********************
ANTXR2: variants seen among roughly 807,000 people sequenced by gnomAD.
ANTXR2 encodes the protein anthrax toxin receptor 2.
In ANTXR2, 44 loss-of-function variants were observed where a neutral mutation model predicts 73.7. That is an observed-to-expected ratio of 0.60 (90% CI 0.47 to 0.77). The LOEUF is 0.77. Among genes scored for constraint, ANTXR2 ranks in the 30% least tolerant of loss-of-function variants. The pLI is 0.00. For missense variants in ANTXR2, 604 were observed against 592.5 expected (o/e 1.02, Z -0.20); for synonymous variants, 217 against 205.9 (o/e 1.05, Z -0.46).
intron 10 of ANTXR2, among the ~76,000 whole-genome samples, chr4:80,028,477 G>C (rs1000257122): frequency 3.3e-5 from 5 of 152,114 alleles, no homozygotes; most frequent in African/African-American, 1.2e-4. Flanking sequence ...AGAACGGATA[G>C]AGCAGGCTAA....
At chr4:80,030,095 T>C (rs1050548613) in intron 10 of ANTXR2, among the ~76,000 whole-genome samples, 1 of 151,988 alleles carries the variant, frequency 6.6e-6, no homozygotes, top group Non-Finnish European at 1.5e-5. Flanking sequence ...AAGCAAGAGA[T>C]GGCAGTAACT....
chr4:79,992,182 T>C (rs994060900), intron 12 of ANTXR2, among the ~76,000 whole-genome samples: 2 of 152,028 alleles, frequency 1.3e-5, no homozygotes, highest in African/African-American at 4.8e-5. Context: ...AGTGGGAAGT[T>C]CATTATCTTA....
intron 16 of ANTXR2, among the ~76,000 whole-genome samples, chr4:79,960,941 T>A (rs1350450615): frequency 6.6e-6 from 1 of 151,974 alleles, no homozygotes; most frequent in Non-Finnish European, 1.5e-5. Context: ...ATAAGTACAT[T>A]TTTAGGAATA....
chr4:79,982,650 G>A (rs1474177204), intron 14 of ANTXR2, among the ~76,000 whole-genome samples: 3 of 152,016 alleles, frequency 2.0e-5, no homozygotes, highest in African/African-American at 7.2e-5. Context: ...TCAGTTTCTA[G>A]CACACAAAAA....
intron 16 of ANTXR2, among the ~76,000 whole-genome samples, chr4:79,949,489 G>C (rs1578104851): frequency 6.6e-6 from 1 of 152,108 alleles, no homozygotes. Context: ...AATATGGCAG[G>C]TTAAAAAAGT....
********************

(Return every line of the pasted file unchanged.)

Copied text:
ANTXR2: variants seen among roughly 807,000 people sequenced by gnomAD.
ANTXR2 encodes the protein anthrax toxin receptor 2.
In ANTXR2, 44 loss-of-function variants were observed where a neutral mutation model predicts 73.7. That is an observed-to-expected ratio of 0.60 (90% CI 0.47 to 0.77). The LOEUF is 0.77. Among genes scored for constraint, ANTXR2 ranks in the 30% least tolerant of loss-of-function variants. The pLI is 0.00. For missense variants in ANTXR2, 604 were observed against 592.5 expected (o/e 1.02, Z -0.20); for synonymous variants, 217 against 205.9 (o/e 1.05, Z -0.46).
intron 10 of ANTXR2, among the ~76,000 whole-genome samples, chr4:80,028,477 G>C (rs1000257122): frequency 3.3e-5 from 5 of 152,114 alleles, no homozygotes; most frequent in African/African-American, 1.2e-4. Flanking sequence ...AGAACGGATA[G>C]AGCAGGCTAA....
At chr4:80,030,095 T>C (rs1050548613) in intron 10 of ANTXR2, among the ~76,000 whole-genome samples, 1 of 151,988 alleles carries the variant, frequency 6.6e-6, no homozygotes, top group Non-Finnish European at 1.5e-5. Flanking sequence ...AAGCAAGAGA[T>C]GGCAGTAACT....
chr4:79,992,182 T>C (rs994060900), intron 12 of ANTXR2, among the ~76,000 whole-genome samples: 2 of 152,028 alleles, frequency 1.3e-5, no homozygotes, highest in African/African-American at 4.8e-5. Context: ...AGTGGGAAGT[T>C]CATTATCTTA....
intron 16 of ANTXR2, among the ~76,000 whole-genome samples, chr4:79,960,941 T>A (rs1350450615): frequency 6.6e-6 from 1 of 151,974 alleles, no homozygotes; most frequent in Non-Finnish European, 1.5e-5. Context: ...ATAAGTACAT[T>A]TTTAGGAATA....
chr4:79,982,650 G>A (rs1474177204), intron 14 of ANTXR2, among the ~76,000 whole-genome samples: 3 of 152,016 alleles, frequency 2.0e-5, no homozygotes, highest in African/African-American at 7.2e-5. Context: ...TCAGTTTCTA[G>A]CACACAAAAA....
intron 16 of ANTXR2, among the ~76,000 whole-genome samples, chr4:79,949,489 G>C (rs1578104851): frequency 6.6e-6 from 1 of 152,108 alleles, no homozygotes. Context: ...AATATGGCAG[G>C]TTAAAAAAGT....